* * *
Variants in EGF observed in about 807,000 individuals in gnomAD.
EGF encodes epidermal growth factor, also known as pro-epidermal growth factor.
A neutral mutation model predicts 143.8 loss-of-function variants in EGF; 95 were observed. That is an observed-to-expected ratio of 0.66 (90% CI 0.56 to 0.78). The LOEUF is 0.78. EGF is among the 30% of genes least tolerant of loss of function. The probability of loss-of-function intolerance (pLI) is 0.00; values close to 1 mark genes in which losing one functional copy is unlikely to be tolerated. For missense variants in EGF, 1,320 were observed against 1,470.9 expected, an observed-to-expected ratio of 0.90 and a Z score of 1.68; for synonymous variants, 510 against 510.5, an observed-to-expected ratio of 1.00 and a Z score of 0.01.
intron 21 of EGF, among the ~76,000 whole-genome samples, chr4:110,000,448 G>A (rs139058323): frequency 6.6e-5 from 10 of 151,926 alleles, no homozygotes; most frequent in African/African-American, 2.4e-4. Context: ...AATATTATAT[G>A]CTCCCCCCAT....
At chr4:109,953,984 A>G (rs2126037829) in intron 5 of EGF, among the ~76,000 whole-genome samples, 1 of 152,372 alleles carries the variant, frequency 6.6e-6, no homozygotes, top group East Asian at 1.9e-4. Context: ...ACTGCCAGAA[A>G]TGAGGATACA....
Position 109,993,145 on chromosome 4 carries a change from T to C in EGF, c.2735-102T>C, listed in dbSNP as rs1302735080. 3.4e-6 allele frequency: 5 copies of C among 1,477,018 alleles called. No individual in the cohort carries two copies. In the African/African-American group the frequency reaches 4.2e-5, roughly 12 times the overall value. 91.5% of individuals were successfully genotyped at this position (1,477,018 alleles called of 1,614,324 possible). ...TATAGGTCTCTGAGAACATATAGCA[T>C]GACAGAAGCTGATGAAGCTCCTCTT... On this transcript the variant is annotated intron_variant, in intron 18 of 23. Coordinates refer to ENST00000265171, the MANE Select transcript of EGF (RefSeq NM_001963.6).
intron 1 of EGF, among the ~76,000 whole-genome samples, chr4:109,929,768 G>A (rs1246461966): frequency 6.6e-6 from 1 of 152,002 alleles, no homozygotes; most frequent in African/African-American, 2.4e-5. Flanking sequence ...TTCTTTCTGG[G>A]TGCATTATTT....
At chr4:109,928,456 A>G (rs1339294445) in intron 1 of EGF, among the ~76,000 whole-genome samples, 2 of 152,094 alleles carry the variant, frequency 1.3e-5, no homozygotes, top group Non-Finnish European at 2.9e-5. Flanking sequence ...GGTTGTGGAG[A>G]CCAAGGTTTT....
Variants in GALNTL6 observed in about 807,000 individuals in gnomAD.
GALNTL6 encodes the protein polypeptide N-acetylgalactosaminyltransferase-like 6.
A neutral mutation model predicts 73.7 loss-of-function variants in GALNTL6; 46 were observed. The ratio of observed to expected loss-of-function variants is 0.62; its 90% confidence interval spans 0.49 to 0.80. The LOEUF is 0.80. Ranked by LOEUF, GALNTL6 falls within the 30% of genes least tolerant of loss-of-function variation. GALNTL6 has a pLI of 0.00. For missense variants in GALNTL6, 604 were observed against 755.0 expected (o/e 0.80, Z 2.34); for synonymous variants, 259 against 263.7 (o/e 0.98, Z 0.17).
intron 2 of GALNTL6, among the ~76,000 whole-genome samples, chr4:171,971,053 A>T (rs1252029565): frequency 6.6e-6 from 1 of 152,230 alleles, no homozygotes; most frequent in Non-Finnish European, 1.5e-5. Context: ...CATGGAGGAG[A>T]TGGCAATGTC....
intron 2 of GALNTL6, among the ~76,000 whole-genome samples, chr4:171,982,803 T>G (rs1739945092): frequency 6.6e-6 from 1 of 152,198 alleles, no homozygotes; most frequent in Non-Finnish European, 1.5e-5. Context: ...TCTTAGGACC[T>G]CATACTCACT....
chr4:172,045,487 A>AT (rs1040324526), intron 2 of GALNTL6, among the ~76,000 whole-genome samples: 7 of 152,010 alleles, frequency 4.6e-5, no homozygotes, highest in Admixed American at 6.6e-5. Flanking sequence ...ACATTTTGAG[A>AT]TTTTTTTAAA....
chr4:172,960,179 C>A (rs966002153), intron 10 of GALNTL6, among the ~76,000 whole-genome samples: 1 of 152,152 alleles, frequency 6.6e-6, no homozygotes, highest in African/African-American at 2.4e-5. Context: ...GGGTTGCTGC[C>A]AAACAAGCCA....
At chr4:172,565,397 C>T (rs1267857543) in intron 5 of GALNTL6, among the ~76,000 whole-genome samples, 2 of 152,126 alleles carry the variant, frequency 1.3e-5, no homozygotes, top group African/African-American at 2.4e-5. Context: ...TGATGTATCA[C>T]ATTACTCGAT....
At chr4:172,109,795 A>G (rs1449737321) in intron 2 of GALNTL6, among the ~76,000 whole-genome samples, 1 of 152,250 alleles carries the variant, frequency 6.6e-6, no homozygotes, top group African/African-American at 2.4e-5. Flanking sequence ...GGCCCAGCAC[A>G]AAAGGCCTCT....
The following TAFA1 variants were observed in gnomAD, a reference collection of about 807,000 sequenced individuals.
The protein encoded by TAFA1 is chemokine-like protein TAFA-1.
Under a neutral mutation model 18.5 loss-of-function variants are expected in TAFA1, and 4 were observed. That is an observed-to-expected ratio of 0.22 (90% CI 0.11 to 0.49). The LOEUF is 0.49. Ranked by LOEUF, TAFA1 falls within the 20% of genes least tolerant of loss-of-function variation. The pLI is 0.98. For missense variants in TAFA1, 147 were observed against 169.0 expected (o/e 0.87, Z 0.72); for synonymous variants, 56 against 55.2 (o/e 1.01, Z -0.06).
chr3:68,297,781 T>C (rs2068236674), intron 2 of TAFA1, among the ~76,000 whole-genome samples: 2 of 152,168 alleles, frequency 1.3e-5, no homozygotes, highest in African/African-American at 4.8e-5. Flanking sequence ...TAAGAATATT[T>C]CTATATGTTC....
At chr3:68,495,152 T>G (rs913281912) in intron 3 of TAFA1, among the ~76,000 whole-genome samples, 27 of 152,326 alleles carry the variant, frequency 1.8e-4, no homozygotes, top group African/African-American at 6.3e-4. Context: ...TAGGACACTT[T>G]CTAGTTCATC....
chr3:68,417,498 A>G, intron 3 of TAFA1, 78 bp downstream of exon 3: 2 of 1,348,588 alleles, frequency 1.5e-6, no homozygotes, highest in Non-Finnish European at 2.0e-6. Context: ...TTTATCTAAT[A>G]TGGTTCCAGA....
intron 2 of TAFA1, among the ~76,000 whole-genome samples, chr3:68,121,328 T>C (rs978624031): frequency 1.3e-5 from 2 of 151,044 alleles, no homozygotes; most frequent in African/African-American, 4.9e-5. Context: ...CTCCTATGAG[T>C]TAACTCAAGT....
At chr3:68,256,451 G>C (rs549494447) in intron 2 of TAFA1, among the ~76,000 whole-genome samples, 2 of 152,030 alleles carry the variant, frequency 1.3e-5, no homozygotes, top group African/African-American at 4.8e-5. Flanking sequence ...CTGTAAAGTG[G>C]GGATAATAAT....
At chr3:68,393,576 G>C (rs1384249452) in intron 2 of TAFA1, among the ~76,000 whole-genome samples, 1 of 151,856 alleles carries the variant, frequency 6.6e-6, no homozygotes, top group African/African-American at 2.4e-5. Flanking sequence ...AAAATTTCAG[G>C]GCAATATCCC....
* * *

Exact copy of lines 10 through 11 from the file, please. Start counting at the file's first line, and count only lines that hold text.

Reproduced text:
GALNTL6 encodes the protein polypeptide N-acetylgalactosaminyltransferase-like 6.
A neutral mutation model predicts 73.7 loss-of-function variants in GALNTL6; 46 were observed. The ratio of observed to expected loss-of-function variants is 0.62; its 90% confidence interval spans 0.49 to 0.80. The LOEUF is 0.80. Ranked by LOEUF, GALNTL6 falls within the 30% of genes least tolerant of loss-of-function variation. GALNTL6 has a pLI of 0.00. For missense variants in GALNTL6, 604 were observed against 755.0 expected (o/e 0.80, Z 2.34); for synonymous variants, 259 against 263.7 (o/e 0.98, Z 0.17).